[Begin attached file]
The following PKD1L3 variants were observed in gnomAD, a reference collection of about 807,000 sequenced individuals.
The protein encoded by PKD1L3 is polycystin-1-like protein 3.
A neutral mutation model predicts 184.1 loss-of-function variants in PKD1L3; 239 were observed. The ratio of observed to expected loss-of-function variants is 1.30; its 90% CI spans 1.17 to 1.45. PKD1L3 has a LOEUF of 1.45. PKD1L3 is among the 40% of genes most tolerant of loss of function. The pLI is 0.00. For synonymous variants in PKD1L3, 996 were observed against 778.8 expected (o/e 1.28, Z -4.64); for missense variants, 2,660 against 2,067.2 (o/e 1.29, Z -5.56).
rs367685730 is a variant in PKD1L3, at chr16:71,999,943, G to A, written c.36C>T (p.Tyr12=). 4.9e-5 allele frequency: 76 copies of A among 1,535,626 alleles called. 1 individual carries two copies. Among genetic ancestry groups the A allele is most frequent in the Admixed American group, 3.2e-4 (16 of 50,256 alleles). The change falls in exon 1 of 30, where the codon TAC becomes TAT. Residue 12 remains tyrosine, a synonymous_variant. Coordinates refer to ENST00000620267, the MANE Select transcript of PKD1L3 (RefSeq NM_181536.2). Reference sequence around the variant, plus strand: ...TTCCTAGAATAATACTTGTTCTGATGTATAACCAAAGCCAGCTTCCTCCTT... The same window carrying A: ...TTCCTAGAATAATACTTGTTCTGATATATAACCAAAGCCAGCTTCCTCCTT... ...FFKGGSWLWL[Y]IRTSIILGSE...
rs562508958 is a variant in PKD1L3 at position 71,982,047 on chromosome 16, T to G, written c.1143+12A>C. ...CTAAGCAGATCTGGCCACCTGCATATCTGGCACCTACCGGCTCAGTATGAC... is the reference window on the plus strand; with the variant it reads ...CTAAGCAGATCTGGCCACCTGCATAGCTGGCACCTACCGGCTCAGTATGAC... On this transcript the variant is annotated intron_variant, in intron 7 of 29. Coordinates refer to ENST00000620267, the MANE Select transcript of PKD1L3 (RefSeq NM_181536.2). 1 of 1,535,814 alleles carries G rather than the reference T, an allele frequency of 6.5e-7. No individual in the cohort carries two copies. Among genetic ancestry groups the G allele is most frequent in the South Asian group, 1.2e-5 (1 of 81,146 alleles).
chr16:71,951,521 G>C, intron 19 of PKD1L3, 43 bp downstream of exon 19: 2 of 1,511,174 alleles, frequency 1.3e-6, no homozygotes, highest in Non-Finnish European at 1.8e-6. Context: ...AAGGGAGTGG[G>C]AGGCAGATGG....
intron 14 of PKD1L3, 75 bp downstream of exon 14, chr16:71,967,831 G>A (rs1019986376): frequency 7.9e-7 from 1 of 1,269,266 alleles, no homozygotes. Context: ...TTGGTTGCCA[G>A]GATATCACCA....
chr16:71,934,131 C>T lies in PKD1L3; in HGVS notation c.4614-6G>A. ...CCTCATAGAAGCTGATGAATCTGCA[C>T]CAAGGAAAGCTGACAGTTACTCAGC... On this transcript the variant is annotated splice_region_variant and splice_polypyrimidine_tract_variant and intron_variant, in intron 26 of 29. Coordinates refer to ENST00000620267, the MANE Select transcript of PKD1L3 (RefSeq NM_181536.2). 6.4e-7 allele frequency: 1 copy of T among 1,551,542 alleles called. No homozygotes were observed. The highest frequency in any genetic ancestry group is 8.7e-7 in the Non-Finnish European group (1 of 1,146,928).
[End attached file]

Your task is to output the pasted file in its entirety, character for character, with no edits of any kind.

The following PKD1L3 variants were observed in gnomAD, a reference collection of about 807,000 sequenced individuals.
The protein encoded by PKD1L3 is polycystin-1-like protein 3.
A neutral mutation model predicts 184.1 loss-of-function variants in PKD1L3; 239 were observed. The ratio of observed to expected loss-of-function variants is 1.30; its 90% CI spans 1.17 to 1.45. PKD1L3 has a LOEUF of 1.45. PKD1L3 is among the 40% of genes most tolerant of loss of function. The pLI is 0.00. For synonymous variants in PKD1L3, 996 were observed against 778.8 expected (o/e 1.28, Z -4.64); for missense variants, 2,660 against 2,067.2 (o/e 1.29, Z -5.56).
rs367685730 is a variant in PKD1L3, at chr16:71,999,943, G to A, written c.36C>T (p.Tyr12=). 4.9e-5 allele frequency: 76 copies of A among 1,535,626 alleles called. 1 individual carries two copies. Among genetic ancestry groups the A allele is most frequent in the Admixed American group, 3.2e-4 (16 of 50,256 alleles). The change falls in exon 1 of 30, where the codon TAC becomes TAT. Residue 12 remains tyrosine, a synonymous_variant. Coordinates refer to ENST00000620267, the MANE Select transcript of PKD1L3 (RefSeq NM_181536.2). Reference sequence around the variant, plus strand: ...TTCCTAGAATAATACTTGTTCTGATGTATAACCAAAGCCAGCTTCCTCCTT... The same window carrying A: ...TTCCTAGAATAATACTTGTTCTGATATATAACCAAAGCCAGCTTCCTCCTT... ...FFKGGSWLWL[Y]IRTSIILGSE...
rs562508958 is a variant in PKD1L3 at position 71,982,047 on chromosome 16, T to G, written c.1143+12A>C. ...CTAAGCAGATCTGGCCACCTGCATATCTGGCACCTACCGGCTCAGTATGAC... is the reference window on the plus strand; with the variant it reads ...CTAAGCAGATCTGGCCACCTGCATAGCTGGCACCTACCGGCTCAGTATGAC... On this transcript the variant is annotated intron_variant, in intron 7 of 29. Coordinates refer to ENST00000620267, the MANE Select transcript of PKD1L3 (RefSeq NM_181536.2). 1 of 1,535,814 alleles carries G rather than the reference T, an allele frequency of 6.5e-7. No individual in the cohort carries two copies. Among genetic ancestry groups the G allele is most frequent in the South Asian group, 1.2e-5 (1 of 81,146 alleles).
chr16:71,951,521 G>C, intron 19 of PKD1L3, 43 bp downstream of exon 19: 2 of 1,511,174 alleles, frequency 1.3e-6, no homozygotes, highest in Non-Finnish European at 1.8e-6. Context: ...AAGGGAGTGG[G>C]AGGCAGATGG....
intron 14 of PKD1L3, 75 bp downstream of exon 14, chr16:71,967,831 G>A (rs1019986376): frequency 7.9e-7 from 1 of 1,269,266 alleles, no homozygotes. Context: ...TTGGTTGCCA[G>A]GATATCACCA....
chr16:71,934,131 C>T lies in PKD1L3; in HGVS notation c.4614-6G>A. ...CCTCATAGAAGCTGATGAATCTGCA[C>T]CAAGGAAAGCTGACAGTTACTCAGC... On this transcript the variant is annotated splice_region_variant and splice_polypyrimidine_tract_variant and intron_variant, in intron 26 of 29. Coordinates refer to ENST00000620267, the MANE Select transcript of PKD1L3 (RefSeq NM_181536.2). 6.4e-7 allele frequency: 1 copy of T among 1,551,542 alleles called. No homozygotes were observed. The highest frequency in any genetic ancestry group is 8.7e-7 in the Non-Finnish European group (1 of 1,146,928).